ATLANTIC CITY — In a pretty dismal month for Atlantic City’s casinos, there was some good news: The struggling Revel might be turning things around.
Atlantic City’s casinos took in 12.5 percent less from gamblers in February than they did a year ago. Figures released Monday by the state Division of Gaming Enforcement show the city’s 12 casinos took in $212.3 million.
The decline was helped from 2012 being a leap year in which February had 29 days, compared with the usual 28.
But Revel, the city’s newest casino, which will file a Chapter 11 bankruptcy petition this month, saw revenue rise to $9 million, up from $7.9 million in January.
“Our numbers are starting to head in the right direction,” said Kevin DeSanctis, Revel’s CEO.
He said the casino-resort’s group and leisure business segments did well in the month, with 44 group meetings held there in February.
DeSanctis said the casino is focusing in the short-term on beefing up entertainment offerings in The Social, a bar-performance space just off the casino floor, and headline entertainment in its 5,500-seat Ovation Hall concert venue; Alicia Keys and Rihanna are among April’s headliners.
Revel has languished near the bottom of the city’s casinos in terms of revenue since opening last April, and the company said it plans to make a Chapter 11 filing by the end of this month. The pre-packaged bankruptcy will wipe away about two-thirds of its $1.5 billion in debt by converting more than $1 billion of it into equity for lenders.
For the city as a whole, the casinos took in $145.3 million from slot machines, a decrease of nearly 18 percent; and $67 million at table games, an increase of just under 1 percent. February is traditionally one of the slowest months of the year in Atlantic City.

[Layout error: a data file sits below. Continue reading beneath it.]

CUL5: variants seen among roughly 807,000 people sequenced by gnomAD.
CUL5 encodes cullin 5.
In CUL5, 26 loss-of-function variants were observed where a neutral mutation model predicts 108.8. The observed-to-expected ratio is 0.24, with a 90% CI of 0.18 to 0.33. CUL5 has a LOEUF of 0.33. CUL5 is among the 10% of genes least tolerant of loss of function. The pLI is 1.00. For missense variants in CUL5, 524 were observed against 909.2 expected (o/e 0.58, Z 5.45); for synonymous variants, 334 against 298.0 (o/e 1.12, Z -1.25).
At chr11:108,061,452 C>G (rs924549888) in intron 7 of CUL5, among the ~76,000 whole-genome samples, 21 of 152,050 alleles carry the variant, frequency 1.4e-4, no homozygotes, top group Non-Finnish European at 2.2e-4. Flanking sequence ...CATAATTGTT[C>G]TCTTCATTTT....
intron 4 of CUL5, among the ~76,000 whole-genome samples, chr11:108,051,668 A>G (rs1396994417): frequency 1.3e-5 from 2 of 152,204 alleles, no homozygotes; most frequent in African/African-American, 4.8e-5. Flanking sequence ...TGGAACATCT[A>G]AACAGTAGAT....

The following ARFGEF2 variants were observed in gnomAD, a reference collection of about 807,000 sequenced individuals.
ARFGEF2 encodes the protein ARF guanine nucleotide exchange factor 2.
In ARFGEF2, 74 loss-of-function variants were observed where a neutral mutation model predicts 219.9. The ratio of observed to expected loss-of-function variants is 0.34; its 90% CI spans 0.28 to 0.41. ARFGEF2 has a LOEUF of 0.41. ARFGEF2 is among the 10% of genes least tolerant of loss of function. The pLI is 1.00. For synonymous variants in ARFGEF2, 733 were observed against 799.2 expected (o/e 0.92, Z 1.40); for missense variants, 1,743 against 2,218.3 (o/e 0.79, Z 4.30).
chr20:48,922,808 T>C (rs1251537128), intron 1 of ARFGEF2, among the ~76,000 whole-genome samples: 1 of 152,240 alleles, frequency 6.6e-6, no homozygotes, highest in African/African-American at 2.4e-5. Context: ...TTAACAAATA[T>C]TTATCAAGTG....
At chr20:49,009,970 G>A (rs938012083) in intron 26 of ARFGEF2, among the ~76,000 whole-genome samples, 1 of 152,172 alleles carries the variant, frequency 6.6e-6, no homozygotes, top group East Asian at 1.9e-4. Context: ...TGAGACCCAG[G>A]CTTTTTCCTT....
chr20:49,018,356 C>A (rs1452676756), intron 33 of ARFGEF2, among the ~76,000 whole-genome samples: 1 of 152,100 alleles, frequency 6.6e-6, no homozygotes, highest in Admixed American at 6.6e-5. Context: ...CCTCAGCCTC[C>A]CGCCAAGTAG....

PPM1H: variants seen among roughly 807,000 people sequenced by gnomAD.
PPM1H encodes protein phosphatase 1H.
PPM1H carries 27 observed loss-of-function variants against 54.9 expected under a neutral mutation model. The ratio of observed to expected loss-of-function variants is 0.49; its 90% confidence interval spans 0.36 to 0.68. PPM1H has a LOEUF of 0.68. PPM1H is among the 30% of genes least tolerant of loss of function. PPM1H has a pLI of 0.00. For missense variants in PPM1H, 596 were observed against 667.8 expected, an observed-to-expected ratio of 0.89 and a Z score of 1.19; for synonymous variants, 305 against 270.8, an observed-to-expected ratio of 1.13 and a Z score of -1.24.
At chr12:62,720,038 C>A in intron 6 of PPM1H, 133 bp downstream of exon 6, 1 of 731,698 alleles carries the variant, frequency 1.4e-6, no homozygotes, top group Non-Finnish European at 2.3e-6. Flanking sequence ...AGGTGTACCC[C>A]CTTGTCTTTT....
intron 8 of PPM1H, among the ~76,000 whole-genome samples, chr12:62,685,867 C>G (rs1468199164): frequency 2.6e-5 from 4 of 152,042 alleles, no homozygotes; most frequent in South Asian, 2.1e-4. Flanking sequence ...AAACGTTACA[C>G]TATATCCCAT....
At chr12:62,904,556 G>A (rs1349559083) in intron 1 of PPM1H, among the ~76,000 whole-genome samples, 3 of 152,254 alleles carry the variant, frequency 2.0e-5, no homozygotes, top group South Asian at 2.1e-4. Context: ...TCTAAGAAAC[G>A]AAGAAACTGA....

The state is hoping its legalization of Internet gambling, which could take effect by the end of this year, will provide new revenue and end the decline.
Only two casinos showed year-over-year increases for February. The Atlantic Club, which is being bought by the PokerStars website, was up 22.7 percent for the month, to $10.2 million. The Tropicana Casino Resort was up 12.5 percent, to $16.3 million.
Trump Plaza, which was sold last month to The Meruelo Group of Downey, Calif., for $20 million — by far the lowest price ever for an Atlantic City casino — registered the biggest monthly decline. It was down nearly 42 percent to just $5.2 million.
Bally’s Atlantic City had the next biggest monthly decline — more than 30 percent — to $18.7 million. The Showboat was down 27.4 percent to $14.6 million, Harrah’s Resort Atlantic City was down 23.3 percent to just under $298 million, and Resorts was down 22.4 percent to $8.7 million.